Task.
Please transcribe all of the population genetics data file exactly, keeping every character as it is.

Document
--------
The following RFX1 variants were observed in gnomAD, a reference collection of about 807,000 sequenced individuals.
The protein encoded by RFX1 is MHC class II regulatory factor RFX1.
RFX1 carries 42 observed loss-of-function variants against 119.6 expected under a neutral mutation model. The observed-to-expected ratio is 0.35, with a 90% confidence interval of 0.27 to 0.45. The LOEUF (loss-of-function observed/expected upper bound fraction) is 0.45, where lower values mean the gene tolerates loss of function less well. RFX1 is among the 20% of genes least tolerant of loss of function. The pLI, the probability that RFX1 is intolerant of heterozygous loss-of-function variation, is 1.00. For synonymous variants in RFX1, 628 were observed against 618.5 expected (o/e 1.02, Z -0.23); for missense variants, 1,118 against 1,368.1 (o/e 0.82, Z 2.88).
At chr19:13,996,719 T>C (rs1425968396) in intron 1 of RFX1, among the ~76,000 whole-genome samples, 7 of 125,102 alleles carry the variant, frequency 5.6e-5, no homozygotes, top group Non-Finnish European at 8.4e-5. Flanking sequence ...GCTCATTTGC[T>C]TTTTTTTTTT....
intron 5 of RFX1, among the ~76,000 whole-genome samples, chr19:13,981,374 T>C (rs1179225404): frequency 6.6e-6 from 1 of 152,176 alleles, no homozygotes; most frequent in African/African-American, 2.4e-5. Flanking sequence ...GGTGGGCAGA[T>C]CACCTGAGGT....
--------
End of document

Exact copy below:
The following RFX1 variants were observed in gnomAD, a reference collection of about 807,000 sequenced individuals.
The protein encoded by RFX1 is MHC class II regulatory factor RFX1.
RFX1 carries 42 observed loss-of-function variants against 119.6 expected under a neutral mutation model. The observed-to-expected ratio is 0.35, with a 90% confidence interval of 0.27 to 0.45. The LOEUF (loss-of-function observed/expected upper bound fraction) is 0.45, where lower values mean the gene tolerates loss of function less well. RFX1 is among the 20% of genes least tolerant of loss of function. The pLI, the probability that RFX1 is intolerant of heterozygous loss-of-function variation, is 1.00. For synonymous variants in RFX1, 628 were observed against 618.5 expected (o/e 1.02, Z -0.23); for missense variants, 1,118 against 1,368.1 (o/e 0.82, Z 2.88).
At chr19:13,996,719 T>C (rs1425968396) in intron 1 of RFX1, among the ~76,000 whole-genome samples, 7 of 125,102 alleles carry the variant, frequency 5.6e-5, no homozygotes, top group Non-Finnish European at 8.4e-5. Flanking sequence ...GCTCATTTGC[T>C]TTTTTTTTTT....
intron 5 of RFX1, among the ~76,000 whole-genome samples, chr19:13,981,374 T>C (rs1179225404): frequency 6.6e-6 from 1 of 152,176 alleles, no homozygotes; most frequent in African/African-American, 2.4e-5. Flanking sequence ...GGTGGGCAGA[T>C]CACCTGAGGT....